Total Personnel Expenses 162,750
Other Expenses  
Honoraria 72,000
Subcontractor/outsourcing Expenses 951,285
Travel Expenses 0
Communication 284,525
Prizes/Awards 130,072
Other 7,821
Total Other Expenses 1,445,703
Total Operating Expenses 1,608,453
Administrative Expenses  
Total Personnel Expenses 0
Other Expenses  
Subcontractor/Outsourcing Expenses 533,500
Remuneration 264,000
Other 21,894
Total Other Expenses 819,394
Total Administrative Expenses 819,394
Total Ordinary Expenses 2,427,847
  Net Assets Variation of the Year 1,170,192
Net Asset brought forward 7,569,416
Net Asset carried forward 8,739,608


[1] Hiroshi Yamakawa, Imagination Architecture and  Consciousness  in the Brain,  in IJCAI-PRICAI 2020 Tutorial T11 ‘Conscious AI: Significance and Development’,  January 8th 2021.

[2] Mei Sasaki, Naoya Arakawa, Hiroshi Yamakawa, Construction of a whole brain reference architecture (WBRA), International Symposium on Artificial Intelligence and Brain Science, P-31, 10-12, October, 2020.

[3] Naoya Arakawa & Hiroshi Yamakawa, The Brain Information Flow Format, The 1st Asia-Pacific Computational and Cognitive Neuroscience (AP-CCN) Conference, September 26-27,  2020.

[4] Yamakawa, H. (2021). The whole brain architecture approach: Accelerating the development of artificial general intelligence by referring to the brain. In arXiv [cs.AI]. arXiv.

[5] Taniguchi, T., Yamakawa, H., Nagai, T., Doya, K., Sakagami, M., Suzuki, M., Nakamura, T., & Taniguchi, A. (2021). Whole brain Probabilistic Generative Model toward Realizing Cognitive Architecture for Developmental Robots. In arXiv [cs.AI]. arXiv.

[6] Taniguchi, A., Fukawa, A., & Yamakawa, H. (2021). Hippocampal formation-inspired probabilistic generative model. In arXiv [cs.AI]. arXiv.

[7] Yamakawa, H. Attentional Reinforcement Learning in the Brain. New Gener. Comput. 2020. doi:10.1007/s00354-019-00081-z

[8] Ayako Fukawa, Takahiro Aizawa, Hiroshi Yamakawa and Ikuko Eguchi Yairi, Identifying Core Regions for Path Integration on Medial Entorhinal Cortex of Hippocampal Formation, MDPI Brain Science, 10(1), 28, 2020.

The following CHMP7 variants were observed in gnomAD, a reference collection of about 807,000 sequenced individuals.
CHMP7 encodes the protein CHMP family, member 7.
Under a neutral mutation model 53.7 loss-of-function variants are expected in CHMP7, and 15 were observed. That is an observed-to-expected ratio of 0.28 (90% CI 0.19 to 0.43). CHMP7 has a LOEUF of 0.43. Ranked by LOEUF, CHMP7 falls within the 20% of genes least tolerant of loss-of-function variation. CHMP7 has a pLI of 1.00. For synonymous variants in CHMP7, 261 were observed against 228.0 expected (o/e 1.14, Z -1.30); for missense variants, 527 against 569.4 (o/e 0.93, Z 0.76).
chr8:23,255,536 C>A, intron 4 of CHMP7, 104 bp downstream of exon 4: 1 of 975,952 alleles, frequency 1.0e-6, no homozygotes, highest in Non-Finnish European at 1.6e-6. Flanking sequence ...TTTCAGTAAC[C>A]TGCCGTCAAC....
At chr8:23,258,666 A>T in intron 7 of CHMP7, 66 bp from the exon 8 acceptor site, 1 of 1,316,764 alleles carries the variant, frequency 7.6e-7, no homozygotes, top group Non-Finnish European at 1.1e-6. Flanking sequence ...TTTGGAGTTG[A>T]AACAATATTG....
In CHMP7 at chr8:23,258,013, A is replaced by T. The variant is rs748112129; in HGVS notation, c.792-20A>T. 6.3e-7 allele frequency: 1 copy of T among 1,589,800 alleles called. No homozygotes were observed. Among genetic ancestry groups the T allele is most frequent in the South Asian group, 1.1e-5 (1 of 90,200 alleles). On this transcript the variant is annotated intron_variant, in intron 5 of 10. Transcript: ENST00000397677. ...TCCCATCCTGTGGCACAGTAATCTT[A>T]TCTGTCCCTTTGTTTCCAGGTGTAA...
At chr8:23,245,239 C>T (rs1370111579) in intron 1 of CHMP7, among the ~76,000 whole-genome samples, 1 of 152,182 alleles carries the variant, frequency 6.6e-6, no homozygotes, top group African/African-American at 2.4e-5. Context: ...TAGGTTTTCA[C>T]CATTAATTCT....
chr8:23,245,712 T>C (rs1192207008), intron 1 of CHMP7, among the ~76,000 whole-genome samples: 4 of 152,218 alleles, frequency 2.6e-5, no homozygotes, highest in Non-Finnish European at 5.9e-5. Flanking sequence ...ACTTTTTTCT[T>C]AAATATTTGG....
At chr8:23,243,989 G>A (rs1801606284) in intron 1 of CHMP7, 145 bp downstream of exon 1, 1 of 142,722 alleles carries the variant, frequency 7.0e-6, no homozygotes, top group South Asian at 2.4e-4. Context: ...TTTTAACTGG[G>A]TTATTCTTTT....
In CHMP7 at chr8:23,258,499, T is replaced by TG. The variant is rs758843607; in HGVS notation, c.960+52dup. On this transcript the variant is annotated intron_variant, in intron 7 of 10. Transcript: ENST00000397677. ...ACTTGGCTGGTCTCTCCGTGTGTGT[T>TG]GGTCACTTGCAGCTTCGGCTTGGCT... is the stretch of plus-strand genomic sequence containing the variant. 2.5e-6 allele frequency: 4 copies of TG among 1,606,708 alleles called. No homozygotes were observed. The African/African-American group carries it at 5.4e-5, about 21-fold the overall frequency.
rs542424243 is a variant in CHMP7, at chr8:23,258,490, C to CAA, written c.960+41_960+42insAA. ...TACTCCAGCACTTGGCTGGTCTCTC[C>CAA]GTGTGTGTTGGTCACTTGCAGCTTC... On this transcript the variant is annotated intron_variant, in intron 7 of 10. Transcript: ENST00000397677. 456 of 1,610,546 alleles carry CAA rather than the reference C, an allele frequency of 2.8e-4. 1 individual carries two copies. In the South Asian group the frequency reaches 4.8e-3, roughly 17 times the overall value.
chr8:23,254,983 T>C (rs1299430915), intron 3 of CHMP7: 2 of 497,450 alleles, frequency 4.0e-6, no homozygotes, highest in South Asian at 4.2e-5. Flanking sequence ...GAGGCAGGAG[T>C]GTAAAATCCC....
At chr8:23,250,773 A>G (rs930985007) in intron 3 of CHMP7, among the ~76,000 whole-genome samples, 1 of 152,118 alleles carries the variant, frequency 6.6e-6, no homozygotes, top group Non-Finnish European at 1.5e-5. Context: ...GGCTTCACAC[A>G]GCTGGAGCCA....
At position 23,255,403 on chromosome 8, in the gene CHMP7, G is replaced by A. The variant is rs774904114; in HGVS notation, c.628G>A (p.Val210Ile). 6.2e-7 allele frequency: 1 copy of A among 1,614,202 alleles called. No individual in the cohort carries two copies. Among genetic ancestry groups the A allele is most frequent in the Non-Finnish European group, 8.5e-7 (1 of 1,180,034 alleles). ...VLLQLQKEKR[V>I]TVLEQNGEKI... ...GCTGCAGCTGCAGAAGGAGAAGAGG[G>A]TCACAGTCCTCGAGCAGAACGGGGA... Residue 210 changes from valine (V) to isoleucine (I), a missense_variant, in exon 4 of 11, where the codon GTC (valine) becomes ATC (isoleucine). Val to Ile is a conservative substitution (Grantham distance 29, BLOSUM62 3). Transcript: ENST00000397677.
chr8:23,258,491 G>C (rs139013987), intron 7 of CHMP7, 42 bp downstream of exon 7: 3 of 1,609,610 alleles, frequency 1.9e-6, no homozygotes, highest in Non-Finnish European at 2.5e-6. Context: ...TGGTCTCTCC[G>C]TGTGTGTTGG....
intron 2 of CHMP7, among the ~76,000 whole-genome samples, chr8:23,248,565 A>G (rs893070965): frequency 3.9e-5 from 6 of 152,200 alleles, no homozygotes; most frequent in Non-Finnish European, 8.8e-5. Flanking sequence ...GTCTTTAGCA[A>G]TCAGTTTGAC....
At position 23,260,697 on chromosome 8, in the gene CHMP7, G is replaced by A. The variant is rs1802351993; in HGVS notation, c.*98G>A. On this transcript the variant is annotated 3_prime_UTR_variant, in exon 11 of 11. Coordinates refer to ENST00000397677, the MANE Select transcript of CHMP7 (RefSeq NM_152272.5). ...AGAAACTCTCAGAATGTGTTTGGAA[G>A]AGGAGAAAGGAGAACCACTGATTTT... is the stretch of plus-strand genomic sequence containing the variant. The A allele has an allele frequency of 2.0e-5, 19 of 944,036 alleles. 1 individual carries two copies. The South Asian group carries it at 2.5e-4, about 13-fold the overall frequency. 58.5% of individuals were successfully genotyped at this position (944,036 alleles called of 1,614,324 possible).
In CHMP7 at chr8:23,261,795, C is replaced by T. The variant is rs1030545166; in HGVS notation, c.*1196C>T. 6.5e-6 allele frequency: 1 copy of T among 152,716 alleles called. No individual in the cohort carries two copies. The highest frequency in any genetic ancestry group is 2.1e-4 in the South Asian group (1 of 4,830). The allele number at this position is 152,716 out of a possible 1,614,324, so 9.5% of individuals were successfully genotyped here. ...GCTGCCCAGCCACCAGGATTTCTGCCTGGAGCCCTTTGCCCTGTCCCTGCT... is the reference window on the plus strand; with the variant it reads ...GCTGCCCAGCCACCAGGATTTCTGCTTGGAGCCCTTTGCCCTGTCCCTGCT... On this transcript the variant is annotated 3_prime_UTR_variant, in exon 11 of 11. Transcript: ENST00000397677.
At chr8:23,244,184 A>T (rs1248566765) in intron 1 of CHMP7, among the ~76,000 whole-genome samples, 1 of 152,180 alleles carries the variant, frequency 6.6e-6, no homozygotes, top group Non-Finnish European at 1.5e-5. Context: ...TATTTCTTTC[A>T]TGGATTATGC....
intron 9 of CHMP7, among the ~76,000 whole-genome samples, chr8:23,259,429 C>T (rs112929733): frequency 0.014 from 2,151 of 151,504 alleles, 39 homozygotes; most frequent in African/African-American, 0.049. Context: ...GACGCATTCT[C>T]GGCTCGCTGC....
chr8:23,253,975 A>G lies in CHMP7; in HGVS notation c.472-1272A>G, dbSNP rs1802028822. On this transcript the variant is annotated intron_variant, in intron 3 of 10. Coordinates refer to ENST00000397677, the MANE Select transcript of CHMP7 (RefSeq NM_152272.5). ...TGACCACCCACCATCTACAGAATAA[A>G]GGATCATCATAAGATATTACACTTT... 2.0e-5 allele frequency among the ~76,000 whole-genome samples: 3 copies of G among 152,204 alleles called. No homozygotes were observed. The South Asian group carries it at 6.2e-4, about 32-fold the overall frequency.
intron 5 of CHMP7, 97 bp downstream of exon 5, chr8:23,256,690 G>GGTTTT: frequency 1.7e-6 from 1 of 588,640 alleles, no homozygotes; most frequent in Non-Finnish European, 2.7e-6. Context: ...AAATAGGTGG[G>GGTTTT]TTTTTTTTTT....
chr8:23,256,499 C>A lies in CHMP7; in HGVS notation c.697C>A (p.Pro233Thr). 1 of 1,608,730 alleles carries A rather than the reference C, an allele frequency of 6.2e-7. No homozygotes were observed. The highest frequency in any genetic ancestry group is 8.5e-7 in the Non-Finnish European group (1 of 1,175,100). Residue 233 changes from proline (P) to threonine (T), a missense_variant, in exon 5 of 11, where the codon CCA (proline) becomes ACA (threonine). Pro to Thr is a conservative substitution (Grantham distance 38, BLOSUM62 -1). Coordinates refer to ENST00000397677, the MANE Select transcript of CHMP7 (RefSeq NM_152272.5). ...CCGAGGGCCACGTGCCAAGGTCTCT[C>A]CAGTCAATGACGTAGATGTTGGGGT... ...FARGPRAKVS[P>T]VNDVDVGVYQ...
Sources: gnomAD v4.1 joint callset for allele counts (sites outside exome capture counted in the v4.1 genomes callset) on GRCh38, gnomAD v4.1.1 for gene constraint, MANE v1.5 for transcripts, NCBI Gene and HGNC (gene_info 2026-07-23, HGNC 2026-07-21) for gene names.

[9] Yoshimasa Tawatsuji, Naoya Arakawa, Hiroshi Yamakawa, Knowledge representation for neural circuits subserving saccadic eye movement based on a Brain Information Flow description, International Symposium on Artificial Intelligence and Brain Science, P-45, 10-12, October, 2020.

[10] Hiroshi Yamakawa, “Understanding the computational meaning of the neocortical interrarea signals”, CSHL Meeting: From Neuroscience to Artificially Intelligent Systems (NAISys), November 9 – 12, 2020.

[11] Yamakawa, H. Revealing the computational meaning of neocortical interarea signals.  Frontiers in Computational Neuroscience. (2020)

[12] Hiroshi Yamakawa, Towards a qualitative evaluation of biological plausibility for brain-inspired software, The 1st Asia-Pacific Computational and Cognitive Neuroscience (AP-CCN) Conference, September 26-27,  2020.

[13] Hiroshi Yamakawa, Naoya Arakawa and Koichi Takahashi, Whole brain reference architecture to evaluate biological plausibility of human-like artificial intelligence,  International Symposium on Artificial Intelligence and Brain Science, P-30, 10-12, October, 2020.

[14] Heecheol Kim, Masanori Yamada, Kosuke Miyoshi, Tomoharu Iwata, Hiroshi Yamakawa, Reinforcement Learning in Latent Action Sequence Space, IEEE/RSJ International Conference on Intelligent Robots and Systems (IROS 2020), October, 2020.